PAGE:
1. Open ImageJ Image Processing Software
      2. Select File > Import.
      3. Select Image Sequence.
      4. Navigate to the file containing the newly created DICOM and select it.
      5. Select Plug-ins > 3D > 3D Viewer.
      6. Two windows will appear, the 3D viewer will appear and an ADD window.
      7. Under Display as in the ADD window change Volume to Surface.
      8. Change the default value of Threshold to 210.
      9. Click OK.
      10. In the 3D Viewer menu bar, select File > Export surfaces as > WaveFront.
      11. Name the file and click Save.
    4. Two programs, Meshlab v1.3.1 and Netfabb Studio Basic 4.9, will concurrently remove any excess mesh, join together disconnected meshes, repair holes, and smooth the final mesh. The primary differences between these two programs are the tool sets made available to the user, and some of the interface navigation control. They are both 3D mesh editing software programs, and their use together provides the easiest approach to editing the model.
      Icon 1 indicates that these actions should be executed in Meshlab v1.3.1
      Icon 2 indicates that these actions should be executed in Netfabb Studio Basic 4.9
      1. To import meshes into editing software:
        1. Open Meshlab v1.3.1 Icon 1
        2. From the menu bar select File > New Empty Project.
        3. Selct File > Import Mesh.
        4. Select the file and click Open.
        5. Once the file has loaded, a dialogue box will open. Keeping Unify Duplicated Vertices checked, press OK.
          1. Open Netfabb Studio Basic 4.9. Icon 2
          2. Drag the desired file straight onto the Netfabb Studio Basic screen.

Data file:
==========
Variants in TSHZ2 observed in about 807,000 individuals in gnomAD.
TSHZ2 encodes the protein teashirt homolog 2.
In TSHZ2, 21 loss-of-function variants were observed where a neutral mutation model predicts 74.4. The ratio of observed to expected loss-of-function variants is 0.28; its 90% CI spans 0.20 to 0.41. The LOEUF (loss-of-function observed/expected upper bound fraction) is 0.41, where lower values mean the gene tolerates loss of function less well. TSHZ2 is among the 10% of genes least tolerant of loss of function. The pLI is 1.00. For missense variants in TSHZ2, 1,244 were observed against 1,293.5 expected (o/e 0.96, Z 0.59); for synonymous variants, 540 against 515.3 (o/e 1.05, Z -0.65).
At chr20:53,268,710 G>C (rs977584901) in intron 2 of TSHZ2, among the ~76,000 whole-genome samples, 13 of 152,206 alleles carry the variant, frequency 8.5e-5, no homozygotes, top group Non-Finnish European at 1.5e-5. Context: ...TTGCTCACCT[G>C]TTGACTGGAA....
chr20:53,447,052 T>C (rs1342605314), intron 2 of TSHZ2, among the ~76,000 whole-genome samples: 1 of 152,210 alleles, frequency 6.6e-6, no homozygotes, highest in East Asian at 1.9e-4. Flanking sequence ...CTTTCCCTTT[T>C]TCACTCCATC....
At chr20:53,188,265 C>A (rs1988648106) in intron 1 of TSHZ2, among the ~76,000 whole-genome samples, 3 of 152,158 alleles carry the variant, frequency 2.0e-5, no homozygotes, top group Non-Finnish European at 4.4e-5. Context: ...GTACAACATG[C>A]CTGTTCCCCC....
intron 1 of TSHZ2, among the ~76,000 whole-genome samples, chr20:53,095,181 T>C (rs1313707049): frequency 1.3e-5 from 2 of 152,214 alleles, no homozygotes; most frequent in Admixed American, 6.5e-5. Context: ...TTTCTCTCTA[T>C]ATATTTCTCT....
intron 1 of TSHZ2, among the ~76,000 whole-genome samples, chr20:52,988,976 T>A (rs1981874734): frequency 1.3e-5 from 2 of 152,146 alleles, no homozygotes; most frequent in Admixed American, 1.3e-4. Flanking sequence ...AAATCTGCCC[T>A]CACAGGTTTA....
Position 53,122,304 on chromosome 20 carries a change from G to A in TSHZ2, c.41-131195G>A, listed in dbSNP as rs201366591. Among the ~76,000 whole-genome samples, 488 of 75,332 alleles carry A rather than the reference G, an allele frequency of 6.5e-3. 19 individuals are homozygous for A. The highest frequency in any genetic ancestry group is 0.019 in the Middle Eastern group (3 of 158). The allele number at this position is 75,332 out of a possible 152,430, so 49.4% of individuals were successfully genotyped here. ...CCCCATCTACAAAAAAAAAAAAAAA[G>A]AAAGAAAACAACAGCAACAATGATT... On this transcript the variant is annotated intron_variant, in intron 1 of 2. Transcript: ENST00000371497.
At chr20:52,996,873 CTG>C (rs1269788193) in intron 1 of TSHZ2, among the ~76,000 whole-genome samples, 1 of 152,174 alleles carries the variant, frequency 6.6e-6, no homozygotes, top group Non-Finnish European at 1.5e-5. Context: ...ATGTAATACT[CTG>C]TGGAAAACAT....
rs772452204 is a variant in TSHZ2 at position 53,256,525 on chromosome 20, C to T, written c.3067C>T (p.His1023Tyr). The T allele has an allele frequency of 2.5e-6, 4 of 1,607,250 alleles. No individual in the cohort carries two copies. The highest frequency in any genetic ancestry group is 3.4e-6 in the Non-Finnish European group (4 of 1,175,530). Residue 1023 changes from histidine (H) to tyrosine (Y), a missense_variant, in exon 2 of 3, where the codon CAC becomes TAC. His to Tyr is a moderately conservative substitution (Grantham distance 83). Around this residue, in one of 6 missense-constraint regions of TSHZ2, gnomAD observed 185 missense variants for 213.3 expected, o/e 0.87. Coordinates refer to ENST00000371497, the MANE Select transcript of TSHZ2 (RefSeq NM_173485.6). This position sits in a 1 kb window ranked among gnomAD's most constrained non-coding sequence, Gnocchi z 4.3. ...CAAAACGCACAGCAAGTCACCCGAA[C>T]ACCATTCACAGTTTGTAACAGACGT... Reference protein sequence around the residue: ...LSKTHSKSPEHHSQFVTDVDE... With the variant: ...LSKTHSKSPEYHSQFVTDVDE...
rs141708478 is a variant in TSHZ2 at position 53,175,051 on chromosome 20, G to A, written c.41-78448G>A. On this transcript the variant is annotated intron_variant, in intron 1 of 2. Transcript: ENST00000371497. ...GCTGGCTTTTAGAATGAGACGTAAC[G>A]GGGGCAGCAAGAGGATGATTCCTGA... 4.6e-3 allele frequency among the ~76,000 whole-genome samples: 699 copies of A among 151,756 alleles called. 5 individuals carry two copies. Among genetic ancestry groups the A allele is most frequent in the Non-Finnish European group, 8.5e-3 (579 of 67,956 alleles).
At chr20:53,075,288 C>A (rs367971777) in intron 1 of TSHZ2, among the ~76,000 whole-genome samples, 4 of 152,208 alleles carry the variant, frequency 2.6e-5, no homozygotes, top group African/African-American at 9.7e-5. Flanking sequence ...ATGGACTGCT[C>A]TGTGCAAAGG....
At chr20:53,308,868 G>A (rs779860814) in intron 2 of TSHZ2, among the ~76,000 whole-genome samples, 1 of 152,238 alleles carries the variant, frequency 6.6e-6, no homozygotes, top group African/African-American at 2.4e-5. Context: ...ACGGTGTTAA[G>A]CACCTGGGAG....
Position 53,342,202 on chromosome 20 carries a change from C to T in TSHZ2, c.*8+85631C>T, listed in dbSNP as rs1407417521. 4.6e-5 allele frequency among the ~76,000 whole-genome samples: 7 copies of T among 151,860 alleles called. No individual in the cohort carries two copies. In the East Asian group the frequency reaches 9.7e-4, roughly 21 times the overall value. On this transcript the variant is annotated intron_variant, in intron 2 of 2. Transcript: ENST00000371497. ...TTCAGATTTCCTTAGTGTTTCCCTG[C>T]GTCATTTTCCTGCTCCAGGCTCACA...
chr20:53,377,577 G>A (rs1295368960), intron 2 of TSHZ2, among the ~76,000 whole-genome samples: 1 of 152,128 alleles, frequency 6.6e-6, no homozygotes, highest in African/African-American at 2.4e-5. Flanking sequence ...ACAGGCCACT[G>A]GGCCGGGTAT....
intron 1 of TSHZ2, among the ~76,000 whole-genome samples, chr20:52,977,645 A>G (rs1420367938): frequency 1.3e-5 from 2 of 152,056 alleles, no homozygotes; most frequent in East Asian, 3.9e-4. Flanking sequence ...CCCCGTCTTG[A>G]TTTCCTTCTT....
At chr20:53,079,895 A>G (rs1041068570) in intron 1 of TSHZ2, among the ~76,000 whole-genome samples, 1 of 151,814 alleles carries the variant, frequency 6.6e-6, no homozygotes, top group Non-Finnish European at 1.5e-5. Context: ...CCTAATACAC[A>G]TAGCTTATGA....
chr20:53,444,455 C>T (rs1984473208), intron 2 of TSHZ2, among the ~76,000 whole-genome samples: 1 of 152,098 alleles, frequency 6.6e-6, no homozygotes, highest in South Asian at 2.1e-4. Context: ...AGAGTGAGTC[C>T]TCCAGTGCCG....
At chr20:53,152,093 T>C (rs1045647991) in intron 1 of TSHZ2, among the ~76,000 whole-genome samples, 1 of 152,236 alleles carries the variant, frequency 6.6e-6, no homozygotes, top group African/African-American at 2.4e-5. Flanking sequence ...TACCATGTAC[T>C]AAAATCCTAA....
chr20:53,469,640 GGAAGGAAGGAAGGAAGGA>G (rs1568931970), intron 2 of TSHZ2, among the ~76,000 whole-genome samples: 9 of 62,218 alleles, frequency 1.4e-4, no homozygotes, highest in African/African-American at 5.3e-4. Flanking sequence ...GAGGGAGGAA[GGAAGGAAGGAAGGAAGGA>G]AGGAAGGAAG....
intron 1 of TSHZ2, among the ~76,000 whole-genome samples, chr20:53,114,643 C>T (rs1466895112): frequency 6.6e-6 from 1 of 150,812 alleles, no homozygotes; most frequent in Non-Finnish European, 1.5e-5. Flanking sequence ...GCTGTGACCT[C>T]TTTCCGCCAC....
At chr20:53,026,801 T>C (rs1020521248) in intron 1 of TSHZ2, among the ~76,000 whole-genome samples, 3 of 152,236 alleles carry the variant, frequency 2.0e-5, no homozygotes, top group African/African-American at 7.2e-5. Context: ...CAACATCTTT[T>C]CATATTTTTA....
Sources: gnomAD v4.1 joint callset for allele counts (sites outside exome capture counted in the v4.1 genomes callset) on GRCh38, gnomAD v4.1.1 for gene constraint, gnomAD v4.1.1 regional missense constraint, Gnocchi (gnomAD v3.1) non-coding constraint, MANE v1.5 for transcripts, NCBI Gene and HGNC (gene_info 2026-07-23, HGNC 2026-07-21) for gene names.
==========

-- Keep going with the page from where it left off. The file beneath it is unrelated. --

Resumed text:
2. To remove unwanted mesh from the surface :
        1. From the menu bar in Meshlab, select Filters > Cleaning and Repairing > Remove Isolated Pieces (WRT Diameter). Icon 1
        2. Remove isolated connected components whose diameter is smaller than the specified constant. Enter a maximum diameter for these components and click Apply.
        3. Gradually, increase the maximum diameter to remove bigger pieces. Click Apply after each diameter modification.
      3. To join disconnected pieces, holes must be cut in the current meshes at the desired locations of a new bond, and a bridge of mesh must be built between.
        1. Use the Selection Tool, seventh tool from the left in the menu bar, to select the pieces of mesh that will be cut out. Icon 1
        2. Delete selected pieces of mesh with the Delete Faces button, the third tool from the left in the menu bar.
        3. From the menu bar, select File > Export Mesh As.
        4. Name the file and change the file type to STL.
        5. Press Save.
        6. A dialogue box with saving options will appear, press OK. Icon 2
        7. Drag this new file into Netfabb.
        8. On the top menu, select Repair, the fourth tool from the left.
        9. Select the Add triangles tool, thirteenth from the left.
        10. Click on an open edge (they will be yellow) on one side and then click on an open edge on the other piece. Create 5-10 bridges across the gap.
        11. Select the Automatic Repair button at the bottom right
        12. Highlight Default Repair.
        13. Click Execute.
        14. Press Cancel after the repair has been executed.
        Optional: Some created triangles may be the wrong orientation. The following steps can be used to reorient these triangles.